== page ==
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We will be living in this new "Coronavirus World" for the foreseeable future.  That's a fact.  In order for us all to live healthy, productive, and happy lives, it's important to fully understand the Coronavirus, COVID-19 (the illness it causes), variants, the protective safety measures necessary to remain healthy (including social distancing, mask wearing in public, and hand washing), and resources to help with the havoc this virus has already caused. I am hoping that the more informed we are, on an ongoing basis as the scientists learn more and State leaders respond with resources and regulations changes, the more comfortable, resilient, and prepared we can be.  The safer we will be.  And that has to be the priority as we move forward together.

 About Coronaviruses 


~  Coronaviruses are common in different animals. Rarely, animal coronaviruses  infect people and then spread between people.

~  There are many different kinds of coronaviruses. Some of them can cause colds or other mild respiratory (nose, throat, lung) illnesses.'

~ Other coronaviruses can cause more serious diseases, including severe acute respiratory syndrome (SARS) and Middle East respiratory syndrome (MERS).

~  Coronaviruses are named for their appearance: Under the microscope, the viruses look like they are covered with pointed structures that surround them like a corona, or crown (see pic above).


 Covid-19 (SARS-C0V-2) 

~ A newly identified coronavirus, SARS-CoV-2, has caused a worldwide pandemic of respiratory illness, called COVID-19.

~ Most people infected with the COVID-19 virus will experience mild to moderate respiratory illness and recover without requiring special treatment.  Older people, and those with underlying medical problems like cardiovascular disease, diabetes, chronic respiratory disease, and cancer are more likely to develop serious illness.

~ The best way to prevent and slow down transmission is be well informed about the COVID-19 virus, the disease it causes and how it spreads. Protect yourself and others from infection by washing your hands or using an alcohol based rub frequently and not touching your face, wear a face covering in public, and social distance.

~ The COVID-19 virus spreads primarily through droplets of saliva or discharge from the nose when an infected person coughs or sneezes, so it’s important that you also practice respiratory etiquette (for example, by coughing into a flexed elbow) and wearing a cotton mask in public.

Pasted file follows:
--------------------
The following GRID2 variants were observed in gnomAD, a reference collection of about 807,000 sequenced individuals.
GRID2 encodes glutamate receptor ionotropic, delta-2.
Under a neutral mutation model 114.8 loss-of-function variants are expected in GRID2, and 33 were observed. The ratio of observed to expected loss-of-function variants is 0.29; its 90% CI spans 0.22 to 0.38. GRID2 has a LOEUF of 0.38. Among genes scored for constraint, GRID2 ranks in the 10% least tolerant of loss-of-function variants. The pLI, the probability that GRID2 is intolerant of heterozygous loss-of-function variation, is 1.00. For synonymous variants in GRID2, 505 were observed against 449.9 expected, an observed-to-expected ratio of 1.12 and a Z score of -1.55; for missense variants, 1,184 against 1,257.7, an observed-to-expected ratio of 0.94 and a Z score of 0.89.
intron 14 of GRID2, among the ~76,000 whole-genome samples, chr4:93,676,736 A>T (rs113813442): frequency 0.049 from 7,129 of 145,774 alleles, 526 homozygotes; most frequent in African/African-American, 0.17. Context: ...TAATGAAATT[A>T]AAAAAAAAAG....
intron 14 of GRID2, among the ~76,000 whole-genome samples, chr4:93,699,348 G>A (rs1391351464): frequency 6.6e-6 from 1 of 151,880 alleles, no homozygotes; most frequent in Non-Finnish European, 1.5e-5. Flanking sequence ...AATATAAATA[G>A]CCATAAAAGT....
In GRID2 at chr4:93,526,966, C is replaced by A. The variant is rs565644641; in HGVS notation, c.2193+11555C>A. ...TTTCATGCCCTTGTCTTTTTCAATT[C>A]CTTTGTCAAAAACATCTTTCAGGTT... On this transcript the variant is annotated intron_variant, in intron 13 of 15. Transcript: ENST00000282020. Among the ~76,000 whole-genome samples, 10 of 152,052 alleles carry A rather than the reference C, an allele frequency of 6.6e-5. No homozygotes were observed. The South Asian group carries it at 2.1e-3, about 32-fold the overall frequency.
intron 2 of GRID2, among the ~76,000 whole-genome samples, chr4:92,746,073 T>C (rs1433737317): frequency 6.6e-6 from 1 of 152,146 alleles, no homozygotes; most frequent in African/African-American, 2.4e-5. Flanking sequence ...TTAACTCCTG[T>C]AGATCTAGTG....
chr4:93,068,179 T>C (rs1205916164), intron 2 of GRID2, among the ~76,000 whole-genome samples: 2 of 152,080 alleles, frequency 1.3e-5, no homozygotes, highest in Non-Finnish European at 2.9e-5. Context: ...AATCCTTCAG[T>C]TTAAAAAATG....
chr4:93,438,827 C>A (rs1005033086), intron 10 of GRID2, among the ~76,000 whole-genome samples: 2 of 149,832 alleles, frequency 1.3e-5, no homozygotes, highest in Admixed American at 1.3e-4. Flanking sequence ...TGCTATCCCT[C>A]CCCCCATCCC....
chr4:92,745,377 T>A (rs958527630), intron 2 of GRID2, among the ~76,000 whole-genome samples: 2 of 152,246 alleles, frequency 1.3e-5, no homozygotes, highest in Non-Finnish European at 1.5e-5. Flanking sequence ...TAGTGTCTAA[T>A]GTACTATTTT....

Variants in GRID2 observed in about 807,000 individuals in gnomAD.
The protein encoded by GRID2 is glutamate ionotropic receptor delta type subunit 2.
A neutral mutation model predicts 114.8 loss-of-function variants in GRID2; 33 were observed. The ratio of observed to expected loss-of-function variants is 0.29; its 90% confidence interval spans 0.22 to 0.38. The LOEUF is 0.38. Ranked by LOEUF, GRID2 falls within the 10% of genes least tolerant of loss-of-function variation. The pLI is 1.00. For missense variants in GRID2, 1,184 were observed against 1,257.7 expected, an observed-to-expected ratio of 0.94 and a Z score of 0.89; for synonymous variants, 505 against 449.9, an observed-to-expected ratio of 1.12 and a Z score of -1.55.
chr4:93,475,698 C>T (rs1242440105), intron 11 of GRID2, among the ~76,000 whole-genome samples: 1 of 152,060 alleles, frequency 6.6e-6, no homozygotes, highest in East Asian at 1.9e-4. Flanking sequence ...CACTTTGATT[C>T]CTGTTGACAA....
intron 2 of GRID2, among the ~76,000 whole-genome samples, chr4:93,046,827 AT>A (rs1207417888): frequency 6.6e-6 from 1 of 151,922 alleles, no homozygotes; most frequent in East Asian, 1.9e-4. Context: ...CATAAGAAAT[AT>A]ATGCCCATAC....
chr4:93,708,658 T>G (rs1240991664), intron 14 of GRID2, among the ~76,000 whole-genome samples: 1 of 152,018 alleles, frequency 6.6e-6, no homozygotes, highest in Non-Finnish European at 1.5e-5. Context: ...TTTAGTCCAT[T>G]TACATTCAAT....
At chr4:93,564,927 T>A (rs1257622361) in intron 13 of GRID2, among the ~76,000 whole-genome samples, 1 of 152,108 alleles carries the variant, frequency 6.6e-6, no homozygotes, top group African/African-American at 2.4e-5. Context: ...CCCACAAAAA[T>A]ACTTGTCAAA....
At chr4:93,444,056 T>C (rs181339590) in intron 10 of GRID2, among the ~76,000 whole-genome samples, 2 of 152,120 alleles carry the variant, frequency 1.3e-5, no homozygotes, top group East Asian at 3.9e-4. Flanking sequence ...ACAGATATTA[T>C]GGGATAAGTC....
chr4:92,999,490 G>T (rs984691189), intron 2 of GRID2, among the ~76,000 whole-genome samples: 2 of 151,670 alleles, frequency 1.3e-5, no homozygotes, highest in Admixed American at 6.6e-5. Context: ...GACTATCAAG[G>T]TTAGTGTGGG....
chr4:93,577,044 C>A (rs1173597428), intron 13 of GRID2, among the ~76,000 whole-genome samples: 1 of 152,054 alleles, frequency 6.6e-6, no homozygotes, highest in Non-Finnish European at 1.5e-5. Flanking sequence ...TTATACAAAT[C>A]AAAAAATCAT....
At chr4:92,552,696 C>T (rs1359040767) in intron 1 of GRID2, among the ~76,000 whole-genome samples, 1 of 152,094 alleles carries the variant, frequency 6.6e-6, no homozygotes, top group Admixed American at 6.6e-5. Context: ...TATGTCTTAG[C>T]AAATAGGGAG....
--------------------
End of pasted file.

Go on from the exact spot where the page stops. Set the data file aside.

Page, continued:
~ At this time, there are no specific vaccines or treatments for COVID-19. However, there are many ongoing clinical trials evaluating potential treatments.

 How does Covid-19 spread? 


Researchers now know that the new coronavirus is spread through droplets released into the air when an infected person coughs or sneezes. The droplets generally do not travel more than a few feet, and they fall to the ground (or onto surfaces) in a few seconds — this is why social and physical distancing is effective in preventing the spread.  We continue to learn more about the spread of Covid-19 and will update our information once it is received and confirmed.


 How long does it take to develop symptoms after you have been exposed to COVID-19? 


Symptoms could appear as soon as two days after exposure or as long as 14 days later, according to the Centers for Disease Control and Prevention (CDC). A new study led by researchers at the Johns Hopkins Bloomberg School of Public Health shows that the median time for symptoms to show up is about five days. That is why the CDC uses the 14-day quarantine period for people with likely exposure to the new coronavirus.  It is important to recognize the people can be carriers of COVID-19 and have no symptoms - this is why wearing masks is so critical to halt the spread.





CLICK HERE to sign up for updates on COVID-19 from the CDC.

CLICK HERE to sign up for updates on COVID-19 from Governor Raimondo and the State of Rhode Island.



"Nothing in life is to be feared, it is only to be understood. Now is the time to understand more, so that we may fear less."                               - Marie Curie, Physicist